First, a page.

B.C. Student Voice makes a difference
Mt.Douglas Secondary School
Victoria, British Columbia

By William (grade 12)

Near the end of grade ten, I was approached by my vice-principal, he informed me that I had been nominated to fill a position on the Provincial committee called B.C Voice. Later, I went for an interview at what was to be my future high school, and days later I was notified that I had been chosen for the position. Completely unassuming, and unaware, this position put me right in the middle of an ongoing dream to see empowered student leaders having a significant impact on their own education. Never has one event changed my life so drastically and quickly as did getting involved with student leadership.

Throughout my school education I have always been taught about being a leader, but getting involved put me in a position to practice and promote the many aspects of leadership. The BC Student Voice is my main connection to leadership on a provincial level. The Voice is a committee formed about eight years ago and consists of representatives from different locations around the province who share input and discussions with each other, members of the business community and the Ministry of Education.

One of the most memorable and self-rewarding experiences I have been a part of was a grade eight student leadership retreat in a Junior School in Port Albani. A.W. Neil planned a one day retreat for their entire grade eight population and I was invited to conduct a workshop. I was given the workshop "“How to plan a sucessful event" but we got side tracked into some in-depth discussions about what leadership meant to them as grade eight students. The discussions with these kids made it all worth while. I was invigorated and energized with what they had to say, and they seemed to be feeding off my energy and together it was rewarding and productive for both parties. Many of the kids left without saying anything but many also came up to me and said, “Wow, leadership sounds pretty cool, maybe we really can make a difference!”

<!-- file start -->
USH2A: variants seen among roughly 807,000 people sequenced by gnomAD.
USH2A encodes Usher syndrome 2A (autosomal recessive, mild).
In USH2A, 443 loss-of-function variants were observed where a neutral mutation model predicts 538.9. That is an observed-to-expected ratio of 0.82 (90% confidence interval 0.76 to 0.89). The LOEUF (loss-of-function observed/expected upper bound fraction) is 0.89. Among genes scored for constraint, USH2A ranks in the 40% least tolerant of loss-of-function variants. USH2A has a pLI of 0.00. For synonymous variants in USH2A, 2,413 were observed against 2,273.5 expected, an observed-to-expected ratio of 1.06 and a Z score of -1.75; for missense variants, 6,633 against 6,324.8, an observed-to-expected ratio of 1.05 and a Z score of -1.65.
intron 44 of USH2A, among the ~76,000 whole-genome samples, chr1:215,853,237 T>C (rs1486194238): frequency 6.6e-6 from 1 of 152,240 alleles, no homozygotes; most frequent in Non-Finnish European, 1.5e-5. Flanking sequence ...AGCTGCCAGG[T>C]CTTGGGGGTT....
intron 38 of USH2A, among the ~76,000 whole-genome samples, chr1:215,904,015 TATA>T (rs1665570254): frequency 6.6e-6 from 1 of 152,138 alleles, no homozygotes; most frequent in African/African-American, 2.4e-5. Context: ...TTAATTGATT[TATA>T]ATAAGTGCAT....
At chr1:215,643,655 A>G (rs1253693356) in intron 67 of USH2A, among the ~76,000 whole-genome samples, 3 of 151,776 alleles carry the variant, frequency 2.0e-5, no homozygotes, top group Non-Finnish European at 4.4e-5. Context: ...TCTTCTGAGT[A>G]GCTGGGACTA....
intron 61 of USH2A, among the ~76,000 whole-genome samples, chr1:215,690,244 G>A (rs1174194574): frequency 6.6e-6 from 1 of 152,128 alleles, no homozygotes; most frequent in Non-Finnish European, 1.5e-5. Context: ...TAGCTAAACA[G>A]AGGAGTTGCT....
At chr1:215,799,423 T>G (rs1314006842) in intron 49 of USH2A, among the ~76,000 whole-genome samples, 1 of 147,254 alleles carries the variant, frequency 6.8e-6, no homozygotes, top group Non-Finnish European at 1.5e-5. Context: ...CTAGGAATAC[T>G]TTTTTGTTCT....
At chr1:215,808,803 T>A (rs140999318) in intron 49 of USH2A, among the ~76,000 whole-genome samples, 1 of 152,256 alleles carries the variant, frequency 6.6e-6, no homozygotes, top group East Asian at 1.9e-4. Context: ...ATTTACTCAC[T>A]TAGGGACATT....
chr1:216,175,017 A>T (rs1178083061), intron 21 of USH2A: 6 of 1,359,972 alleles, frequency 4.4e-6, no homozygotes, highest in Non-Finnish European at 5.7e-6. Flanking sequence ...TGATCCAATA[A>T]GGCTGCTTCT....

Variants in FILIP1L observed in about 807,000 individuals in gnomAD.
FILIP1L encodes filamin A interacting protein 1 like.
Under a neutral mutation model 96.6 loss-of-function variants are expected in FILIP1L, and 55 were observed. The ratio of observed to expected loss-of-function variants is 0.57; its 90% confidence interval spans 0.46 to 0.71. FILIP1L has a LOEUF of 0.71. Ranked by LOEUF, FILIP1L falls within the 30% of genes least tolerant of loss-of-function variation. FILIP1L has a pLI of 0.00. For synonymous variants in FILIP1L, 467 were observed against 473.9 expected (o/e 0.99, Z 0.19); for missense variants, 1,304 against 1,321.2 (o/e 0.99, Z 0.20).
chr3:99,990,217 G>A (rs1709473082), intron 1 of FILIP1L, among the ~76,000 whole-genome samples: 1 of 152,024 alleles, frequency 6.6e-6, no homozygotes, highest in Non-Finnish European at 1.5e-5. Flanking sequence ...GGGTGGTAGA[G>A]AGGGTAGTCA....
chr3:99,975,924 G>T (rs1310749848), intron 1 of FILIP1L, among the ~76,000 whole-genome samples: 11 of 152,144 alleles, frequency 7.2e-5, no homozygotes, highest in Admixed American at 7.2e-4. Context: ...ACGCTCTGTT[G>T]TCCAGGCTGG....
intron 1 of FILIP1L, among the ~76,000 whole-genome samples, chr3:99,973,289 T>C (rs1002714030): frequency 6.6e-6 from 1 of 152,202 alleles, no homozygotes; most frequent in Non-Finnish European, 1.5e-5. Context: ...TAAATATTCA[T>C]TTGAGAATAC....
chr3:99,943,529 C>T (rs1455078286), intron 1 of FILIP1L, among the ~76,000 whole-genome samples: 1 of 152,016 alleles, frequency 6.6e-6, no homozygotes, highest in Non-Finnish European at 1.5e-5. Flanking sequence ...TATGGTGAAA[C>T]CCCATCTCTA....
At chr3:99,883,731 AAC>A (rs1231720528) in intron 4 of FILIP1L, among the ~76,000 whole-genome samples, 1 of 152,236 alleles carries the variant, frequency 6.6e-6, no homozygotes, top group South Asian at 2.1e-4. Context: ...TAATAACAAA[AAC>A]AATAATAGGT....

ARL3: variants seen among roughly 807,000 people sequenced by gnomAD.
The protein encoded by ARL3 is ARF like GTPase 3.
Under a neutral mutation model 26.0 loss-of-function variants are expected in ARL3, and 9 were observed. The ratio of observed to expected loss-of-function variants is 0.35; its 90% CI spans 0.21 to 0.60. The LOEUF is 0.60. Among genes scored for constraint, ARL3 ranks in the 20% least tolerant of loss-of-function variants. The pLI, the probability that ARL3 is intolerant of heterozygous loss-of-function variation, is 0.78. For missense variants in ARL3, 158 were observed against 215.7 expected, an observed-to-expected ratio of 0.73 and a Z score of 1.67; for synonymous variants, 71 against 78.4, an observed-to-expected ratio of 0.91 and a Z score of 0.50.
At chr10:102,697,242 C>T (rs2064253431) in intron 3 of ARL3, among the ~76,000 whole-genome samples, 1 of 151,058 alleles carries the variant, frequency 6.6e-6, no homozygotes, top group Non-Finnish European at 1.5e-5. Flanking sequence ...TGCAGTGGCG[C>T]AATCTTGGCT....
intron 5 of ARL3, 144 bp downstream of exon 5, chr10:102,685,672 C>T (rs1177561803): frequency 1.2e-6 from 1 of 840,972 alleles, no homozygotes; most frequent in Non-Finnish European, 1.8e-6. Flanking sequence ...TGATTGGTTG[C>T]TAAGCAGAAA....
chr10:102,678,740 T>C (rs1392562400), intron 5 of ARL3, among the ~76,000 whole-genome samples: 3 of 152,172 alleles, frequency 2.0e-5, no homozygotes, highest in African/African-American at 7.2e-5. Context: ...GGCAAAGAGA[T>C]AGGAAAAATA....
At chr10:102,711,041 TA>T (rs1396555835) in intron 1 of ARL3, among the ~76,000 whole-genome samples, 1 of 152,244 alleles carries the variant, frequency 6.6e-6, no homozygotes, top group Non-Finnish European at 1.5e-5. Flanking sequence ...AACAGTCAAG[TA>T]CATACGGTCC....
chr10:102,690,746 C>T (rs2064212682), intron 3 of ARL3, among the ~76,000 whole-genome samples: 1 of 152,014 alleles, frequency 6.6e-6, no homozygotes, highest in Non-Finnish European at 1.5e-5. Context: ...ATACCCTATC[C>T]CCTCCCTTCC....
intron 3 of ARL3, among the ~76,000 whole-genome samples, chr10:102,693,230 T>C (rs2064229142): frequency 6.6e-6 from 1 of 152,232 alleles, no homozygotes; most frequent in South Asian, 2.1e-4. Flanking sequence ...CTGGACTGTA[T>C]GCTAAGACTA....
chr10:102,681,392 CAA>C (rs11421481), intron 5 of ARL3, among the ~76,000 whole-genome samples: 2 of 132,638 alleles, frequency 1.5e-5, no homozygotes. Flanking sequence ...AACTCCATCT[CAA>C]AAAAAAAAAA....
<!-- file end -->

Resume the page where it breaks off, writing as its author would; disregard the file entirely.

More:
As I left Port Albani that evening I sat and thought to myself, “That’s what it’s all about.” The rest of the workshop leaders and I talked on the way home about what had happened and what we had learned, and many of us got more out of the retreat than the student delegates. We were, however, able to see the foundations and potential of solid student leaders as they felt empowered and looked to get involved.

I just received a follow up note from the principal at A.W Neil, and he informed me that they have just completed course registrations and they have forty enthusiastic students signed up for their new Leadership class.

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